Bruins give Donato a shot; Marchand, DeBrusk game-time decisions
When it comes to NHL coaches giving rookies/young players the call during the playoffs, sometimes you settle for “better late than never.”
Ryan Donato probably deserved more opportunities earlier during the 2018 Stanley Cup Playoffs, whether that meant attempting to finish off the Toronto Maple Leafs a little more efficiently or, now, possibly supplementing the Boston Bruins’ depth against the formidable Tampa Bay Lightning. The fresh-out-of-Harvard forward didn’t deny some frustration with all the healthy scratches after word surfaced that he’ll suit up for the Bruins in Game 4 tonight.
(That facial hair might count as a rookie mistake.)
Donato, 22, has only appeared in one postseason game so far, receiving 9:24 in ice time during Game 2 against the Maple Leafs on April 14. That’s a long time to sit, especially when you consider that the Ivy Leaguer passed his regular-season tests with flying colors (nine points in 12 games).
Both Brad Marchand and Jake DeBrusk are considered game-time decisions after missing a recent practice. The good news is that Bruins head coach Bruce Cassidy said that he believes they’ll play, but you never know in the playoffs; Patrice Bergeron’s late scratch during the first round is an example of how things can go south after players get a chance to warm up.
The Boston Globe’s Fluto Shinzawa speculates that, under normal circumstances, Donato would replace struggling fellow young forward Danton Heinen. Marchand and DeBrusk being coin flips for Game 4 complicates such things.
During his regular season appearances, Donato’s most common even-strength linemate was David Krejci (by quite a margin, via Natural Stat Trick). Donato also saw time with Heinen and his Olympic teammate Brian Gionta.
Here’s one look at what the Bruins lineup might look like if Marchand and Heinen can both play:
Assuming health and if I were a betting man...— Ty Anderson (@_TyAnderson) May 4, 2018
Not a demotion for DeBrusk as much as it's you saying carry these guys. Donato with 46-61 allows him to maximize offensive impact.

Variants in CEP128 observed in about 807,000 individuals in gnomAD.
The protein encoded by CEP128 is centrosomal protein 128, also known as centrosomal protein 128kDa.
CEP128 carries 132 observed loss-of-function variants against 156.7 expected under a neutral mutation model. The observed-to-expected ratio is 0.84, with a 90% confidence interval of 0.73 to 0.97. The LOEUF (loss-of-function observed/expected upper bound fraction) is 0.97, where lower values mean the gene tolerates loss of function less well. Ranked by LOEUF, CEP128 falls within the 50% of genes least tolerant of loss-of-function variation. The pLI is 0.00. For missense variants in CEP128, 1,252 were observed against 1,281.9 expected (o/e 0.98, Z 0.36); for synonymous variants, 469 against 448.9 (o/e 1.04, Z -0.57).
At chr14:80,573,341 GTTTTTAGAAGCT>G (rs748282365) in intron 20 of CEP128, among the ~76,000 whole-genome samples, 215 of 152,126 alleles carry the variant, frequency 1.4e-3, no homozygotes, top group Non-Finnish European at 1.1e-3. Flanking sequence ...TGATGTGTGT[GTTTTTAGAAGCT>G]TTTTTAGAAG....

It would certainly make some sense to keep Donato with Krejci, while DeBrusk might be able to jumpstart a struggling Riley Nash. Ideally, this alignment or a similar one would set up Donato & Co. to supplement that deadly top line, which could be especially important if Marchand isn’t all there (especially if Bergeron isn’t operating at full capacity, either).
“He steps off the bus and starts shooting”
In the video above this post’s headline, both Jeremy Roenick and Keith Jones campaigned for Donato to be added to the lineup even before the decision was made.
They both make salient points, yet Jones’ comment about shooting is especially noteworthy considering how this series is going.
As Joe Haggerty notes in this NBC Sports Boston piece, the Lightning have generated a 104-73 shots on goal edge against the Bruins so far during this series. That would be a disturbing mismatch for just about any team, but it’s especially startling for a Bruins team that was a possession behemoth for much of the regular season.
Despite being limited to just 9:24 in ice time during his lone postseason appearance, Donato fired three shots on goal. While he enjoyed the sort of cushy offensive zone starts you’d expect from a young player during the regular season, Donato did his part in generating promising possession stats during the regular season.
There’s a lot to like in adding Donato back into the lineup, even if Cassidy eases him in and doesn’t quite give him the minutes to really soar.
With the Lightning up 2-1 in the series, there’s a lot on the line for the Bruins in Game 4 tonight. Puck drop is set for 7 p.m. ET; you can watch the action on NBCSN and stream it via this link.